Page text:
Although NICE guidance recommends the use of beta-blockers to reduce mortality and hospitalisation in all patients with heart failure, the quality framework does not include beta-blocker treatment.
For the study, presented at the 36th annual conference for the Society of Academic Primary Care in West London last week, the researchers examined beta-blocker therapy in heart failure using a primary care database.
This included data on 437,379 patients, aged 50 and over, from 152 practices.
Actively managed heart failure was defined as a diagnosis of heart failure with two prescriptions for an ACE inhibitor in the calendar year.
The main outcome of the study was the prescription of a recommended beta-blocker.
The use of beta-blockers rose from 6.1 per cent to 27 per cent in men and from 4.2 per cent to 22 per cent in women between 2000 and 2005.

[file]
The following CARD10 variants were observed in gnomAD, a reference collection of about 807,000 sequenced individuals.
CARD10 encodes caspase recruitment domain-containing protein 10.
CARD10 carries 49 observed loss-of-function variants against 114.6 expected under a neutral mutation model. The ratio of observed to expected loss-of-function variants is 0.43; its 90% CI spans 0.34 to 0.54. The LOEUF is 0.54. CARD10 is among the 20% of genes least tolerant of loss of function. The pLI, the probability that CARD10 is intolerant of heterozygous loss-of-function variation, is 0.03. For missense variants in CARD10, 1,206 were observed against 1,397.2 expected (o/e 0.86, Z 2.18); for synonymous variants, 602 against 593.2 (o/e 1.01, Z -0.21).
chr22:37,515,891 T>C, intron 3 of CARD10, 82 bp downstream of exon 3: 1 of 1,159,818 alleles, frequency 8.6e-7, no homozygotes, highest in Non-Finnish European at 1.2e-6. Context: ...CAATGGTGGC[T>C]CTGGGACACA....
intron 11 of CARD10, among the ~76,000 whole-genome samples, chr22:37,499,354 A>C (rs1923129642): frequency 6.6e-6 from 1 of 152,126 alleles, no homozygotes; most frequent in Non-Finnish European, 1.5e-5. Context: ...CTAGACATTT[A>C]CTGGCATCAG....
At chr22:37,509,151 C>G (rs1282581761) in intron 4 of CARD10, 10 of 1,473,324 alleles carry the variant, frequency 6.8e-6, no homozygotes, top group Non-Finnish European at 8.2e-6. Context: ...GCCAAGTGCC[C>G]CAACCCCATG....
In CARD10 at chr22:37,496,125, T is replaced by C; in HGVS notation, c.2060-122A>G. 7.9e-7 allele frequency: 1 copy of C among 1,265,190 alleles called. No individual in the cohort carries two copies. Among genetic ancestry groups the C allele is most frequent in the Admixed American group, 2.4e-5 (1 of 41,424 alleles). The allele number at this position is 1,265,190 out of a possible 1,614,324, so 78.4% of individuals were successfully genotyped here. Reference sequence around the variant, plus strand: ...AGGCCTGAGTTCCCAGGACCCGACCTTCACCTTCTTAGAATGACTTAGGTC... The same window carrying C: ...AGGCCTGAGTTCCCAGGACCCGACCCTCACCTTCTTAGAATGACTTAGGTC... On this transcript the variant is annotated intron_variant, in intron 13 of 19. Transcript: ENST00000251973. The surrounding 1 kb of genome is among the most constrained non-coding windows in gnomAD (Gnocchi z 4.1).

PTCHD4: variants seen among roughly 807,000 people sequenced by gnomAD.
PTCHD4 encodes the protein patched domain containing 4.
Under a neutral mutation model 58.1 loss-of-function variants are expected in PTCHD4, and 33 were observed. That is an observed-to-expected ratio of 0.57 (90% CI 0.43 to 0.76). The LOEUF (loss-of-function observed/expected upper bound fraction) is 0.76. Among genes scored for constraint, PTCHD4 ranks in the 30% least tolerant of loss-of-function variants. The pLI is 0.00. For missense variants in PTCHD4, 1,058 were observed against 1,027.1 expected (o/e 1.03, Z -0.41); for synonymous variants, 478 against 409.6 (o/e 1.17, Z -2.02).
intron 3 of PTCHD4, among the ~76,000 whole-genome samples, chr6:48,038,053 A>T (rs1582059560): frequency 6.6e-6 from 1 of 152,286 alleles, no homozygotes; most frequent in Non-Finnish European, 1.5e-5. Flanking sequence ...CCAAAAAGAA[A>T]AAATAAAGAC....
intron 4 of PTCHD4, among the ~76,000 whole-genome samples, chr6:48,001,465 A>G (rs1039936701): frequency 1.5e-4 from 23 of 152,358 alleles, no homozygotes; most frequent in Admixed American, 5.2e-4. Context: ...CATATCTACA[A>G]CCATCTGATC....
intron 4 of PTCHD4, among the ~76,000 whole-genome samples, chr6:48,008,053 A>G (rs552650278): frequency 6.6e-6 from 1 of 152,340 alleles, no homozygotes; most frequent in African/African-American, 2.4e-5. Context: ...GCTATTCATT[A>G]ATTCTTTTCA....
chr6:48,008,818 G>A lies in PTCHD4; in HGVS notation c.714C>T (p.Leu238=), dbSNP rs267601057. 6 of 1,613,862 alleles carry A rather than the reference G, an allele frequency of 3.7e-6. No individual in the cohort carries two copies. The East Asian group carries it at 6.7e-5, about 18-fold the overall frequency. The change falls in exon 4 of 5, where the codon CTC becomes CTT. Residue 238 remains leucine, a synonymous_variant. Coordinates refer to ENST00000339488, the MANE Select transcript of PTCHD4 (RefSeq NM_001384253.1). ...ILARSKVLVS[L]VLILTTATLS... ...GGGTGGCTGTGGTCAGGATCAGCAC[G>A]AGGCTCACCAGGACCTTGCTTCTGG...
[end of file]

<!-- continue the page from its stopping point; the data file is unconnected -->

Lead researcher Dr Sunil Shah, from the department of community health services at St George’s, University of London, said: ‘Achieving 70 per cent prescribing for beta-blockers has the potential to prevent 7,800 additional deaths and 9,750 hospital admissions for heart failure.
‘Beta-blocker use should be included into the next revision of the quality framework as a indicator for heart failure.’
This would accelerate the uptake of this effective intervention and reduce inequities, he said.
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